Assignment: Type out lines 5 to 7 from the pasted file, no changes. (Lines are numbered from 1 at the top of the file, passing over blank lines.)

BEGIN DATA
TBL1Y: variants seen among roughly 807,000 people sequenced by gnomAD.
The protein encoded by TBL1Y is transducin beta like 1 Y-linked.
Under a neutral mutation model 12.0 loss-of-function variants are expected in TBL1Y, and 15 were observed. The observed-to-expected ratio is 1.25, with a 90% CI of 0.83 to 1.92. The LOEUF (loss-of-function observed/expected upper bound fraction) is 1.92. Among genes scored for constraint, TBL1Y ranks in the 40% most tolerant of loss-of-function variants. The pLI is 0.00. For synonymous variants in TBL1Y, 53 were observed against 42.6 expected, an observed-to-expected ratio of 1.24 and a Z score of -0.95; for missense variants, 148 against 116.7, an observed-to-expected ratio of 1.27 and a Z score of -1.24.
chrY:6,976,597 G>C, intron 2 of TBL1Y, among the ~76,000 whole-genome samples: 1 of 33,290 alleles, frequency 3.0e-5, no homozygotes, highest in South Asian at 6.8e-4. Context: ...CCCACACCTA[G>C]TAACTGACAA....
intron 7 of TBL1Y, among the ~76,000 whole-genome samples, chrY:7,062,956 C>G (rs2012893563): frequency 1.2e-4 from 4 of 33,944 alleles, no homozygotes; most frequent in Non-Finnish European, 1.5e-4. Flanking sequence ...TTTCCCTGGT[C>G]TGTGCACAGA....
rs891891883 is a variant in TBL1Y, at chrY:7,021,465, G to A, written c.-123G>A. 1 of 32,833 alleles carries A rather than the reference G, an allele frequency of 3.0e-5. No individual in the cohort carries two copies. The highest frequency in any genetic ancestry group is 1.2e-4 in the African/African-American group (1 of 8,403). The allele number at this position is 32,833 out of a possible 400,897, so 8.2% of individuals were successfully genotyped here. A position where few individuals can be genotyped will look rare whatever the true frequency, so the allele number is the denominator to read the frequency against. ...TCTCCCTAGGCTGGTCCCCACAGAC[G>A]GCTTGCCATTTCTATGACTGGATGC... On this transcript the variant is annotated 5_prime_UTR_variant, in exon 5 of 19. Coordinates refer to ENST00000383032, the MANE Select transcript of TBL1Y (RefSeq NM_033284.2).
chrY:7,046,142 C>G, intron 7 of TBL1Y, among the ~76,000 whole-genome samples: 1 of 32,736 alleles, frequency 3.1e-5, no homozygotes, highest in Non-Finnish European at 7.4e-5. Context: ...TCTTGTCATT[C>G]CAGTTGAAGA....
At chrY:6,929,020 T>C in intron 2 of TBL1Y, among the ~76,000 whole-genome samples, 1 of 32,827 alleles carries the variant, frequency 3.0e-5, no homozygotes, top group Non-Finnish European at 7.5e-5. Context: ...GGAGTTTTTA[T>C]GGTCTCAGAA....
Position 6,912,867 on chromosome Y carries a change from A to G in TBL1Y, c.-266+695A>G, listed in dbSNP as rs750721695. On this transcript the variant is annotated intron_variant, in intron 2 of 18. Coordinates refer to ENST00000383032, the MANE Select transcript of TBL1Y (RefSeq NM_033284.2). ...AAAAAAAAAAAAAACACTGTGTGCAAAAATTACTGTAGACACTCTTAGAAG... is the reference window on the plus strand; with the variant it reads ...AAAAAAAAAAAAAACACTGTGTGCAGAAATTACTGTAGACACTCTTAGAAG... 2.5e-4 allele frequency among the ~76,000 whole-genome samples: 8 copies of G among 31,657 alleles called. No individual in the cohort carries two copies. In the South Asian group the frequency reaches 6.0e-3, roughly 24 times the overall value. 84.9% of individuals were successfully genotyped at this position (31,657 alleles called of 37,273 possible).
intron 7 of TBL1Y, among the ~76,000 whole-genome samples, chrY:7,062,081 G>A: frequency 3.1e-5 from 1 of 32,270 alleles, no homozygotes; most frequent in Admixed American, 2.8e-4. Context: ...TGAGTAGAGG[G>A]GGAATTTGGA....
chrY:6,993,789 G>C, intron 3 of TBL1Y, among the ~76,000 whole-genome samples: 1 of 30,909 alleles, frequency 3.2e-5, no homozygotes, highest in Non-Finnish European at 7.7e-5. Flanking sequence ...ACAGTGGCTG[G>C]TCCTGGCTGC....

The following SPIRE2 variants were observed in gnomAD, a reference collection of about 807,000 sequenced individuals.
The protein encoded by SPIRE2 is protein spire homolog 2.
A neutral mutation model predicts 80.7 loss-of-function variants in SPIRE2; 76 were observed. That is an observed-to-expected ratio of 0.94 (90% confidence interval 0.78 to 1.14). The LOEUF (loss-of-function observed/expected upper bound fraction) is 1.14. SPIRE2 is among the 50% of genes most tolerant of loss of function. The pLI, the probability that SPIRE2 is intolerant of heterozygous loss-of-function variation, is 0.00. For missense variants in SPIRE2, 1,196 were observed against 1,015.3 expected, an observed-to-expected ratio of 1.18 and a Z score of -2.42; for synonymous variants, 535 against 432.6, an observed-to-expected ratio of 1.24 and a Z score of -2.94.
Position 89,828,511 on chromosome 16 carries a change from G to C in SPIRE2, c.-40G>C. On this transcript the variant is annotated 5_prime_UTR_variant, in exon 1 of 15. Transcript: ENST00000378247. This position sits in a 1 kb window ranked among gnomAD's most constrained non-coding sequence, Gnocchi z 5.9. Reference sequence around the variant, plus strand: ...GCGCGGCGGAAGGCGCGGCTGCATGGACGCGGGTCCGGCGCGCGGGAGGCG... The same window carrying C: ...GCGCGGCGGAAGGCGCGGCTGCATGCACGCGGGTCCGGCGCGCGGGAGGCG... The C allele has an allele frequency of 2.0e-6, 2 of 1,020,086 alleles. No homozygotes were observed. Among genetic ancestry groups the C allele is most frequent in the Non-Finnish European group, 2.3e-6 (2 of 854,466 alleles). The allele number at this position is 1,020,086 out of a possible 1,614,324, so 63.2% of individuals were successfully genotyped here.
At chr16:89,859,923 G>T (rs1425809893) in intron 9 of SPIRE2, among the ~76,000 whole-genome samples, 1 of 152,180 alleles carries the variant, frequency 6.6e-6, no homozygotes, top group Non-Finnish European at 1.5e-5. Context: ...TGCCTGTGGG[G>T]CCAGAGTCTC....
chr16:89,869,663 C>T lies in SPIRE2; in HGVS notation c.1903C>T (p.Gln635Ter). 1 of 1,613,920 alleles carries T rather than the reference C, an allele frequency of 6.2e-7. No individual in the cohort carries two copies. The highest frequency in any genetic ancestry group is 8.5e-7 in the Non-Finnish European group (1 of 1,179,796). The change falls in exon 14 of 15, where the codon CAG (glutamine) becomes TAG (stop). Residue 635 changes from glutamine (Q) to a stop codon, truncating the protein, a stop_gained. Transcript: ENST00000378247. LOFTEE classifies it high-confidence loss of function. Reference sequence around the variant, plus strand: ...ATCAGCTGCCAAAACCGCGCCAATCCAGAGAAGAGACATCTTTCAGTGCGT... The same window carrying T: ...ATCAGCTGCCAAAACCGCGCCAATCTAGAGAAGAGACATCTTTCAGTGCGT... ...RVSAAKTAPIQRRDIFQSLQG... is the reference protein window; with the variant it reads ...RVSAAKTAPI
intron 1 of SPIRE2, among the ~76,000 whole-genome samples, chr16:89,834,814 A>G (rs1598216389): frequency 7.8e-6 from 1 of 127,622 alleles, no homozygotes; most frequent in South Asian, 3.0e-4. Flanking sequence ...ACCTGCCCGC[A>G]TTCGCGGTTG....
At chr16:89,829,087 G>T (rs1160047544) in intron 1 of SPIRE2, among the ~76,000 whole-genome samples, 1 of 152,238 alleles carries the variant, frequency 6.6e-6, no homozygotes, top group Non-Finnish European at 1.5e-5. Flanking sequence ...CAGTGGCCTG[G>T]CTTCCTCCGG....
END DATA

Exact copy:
intron 7 of TBL1Y, among the ~76,000 whole-genome samples, chrY:7,062,956 C>G (rs2012893563): frequency 1.2e-4 from 4 of 33,944 alleles, no homozygotes; most frequent in Non-Finnish European, 1.5e-4. Flanking sequence ...TTTCCCTGGT[C>G]TGTGCACAGA....
rs891891883 is a variant in TBL1Y, at chrY:7,021,465, G to A, written c.-123G>A. 1 of 32,833 alleles carries A rather than the reference G, an allele frequency of 3.0e-5. No individual in the cohort carries two copies. The highest frequency in any genetic ancestry group is 1.2e-4 in the African/African-American group (1 of 8,403). The allele number at this position is 32,833 out of a possible 400,897, so 8.2% of individuals were successfully genotyped here. A position where few individuals can be genotyped will look rare whatever the true frequency, so the allele number is the denominator to read the frequency against. ...TCTCCCTAGGCTGGTCCCCACAGAC[G>A]GCTTGCCATTTCTATGACTGGATGC... On this transcript the variant is annotated 5_prime_UTR_variant, in exon 5 of 19. Coordinates refer to ENST00000383032, the MANE Select transcript of TBL1Y (RefSeq NM_033284.2).
chrY:7,046,142 C>G, intron 7 of TBL1Y, among the ~76,000 whole-genome samples: 1 of 32,736 alleles, frequency 3.1e-5, no homozygotes, highest in Non-Finnish European at 7.4e-5. Context: ...TCTTGTCATT[C>G]CAGTTGAAGA....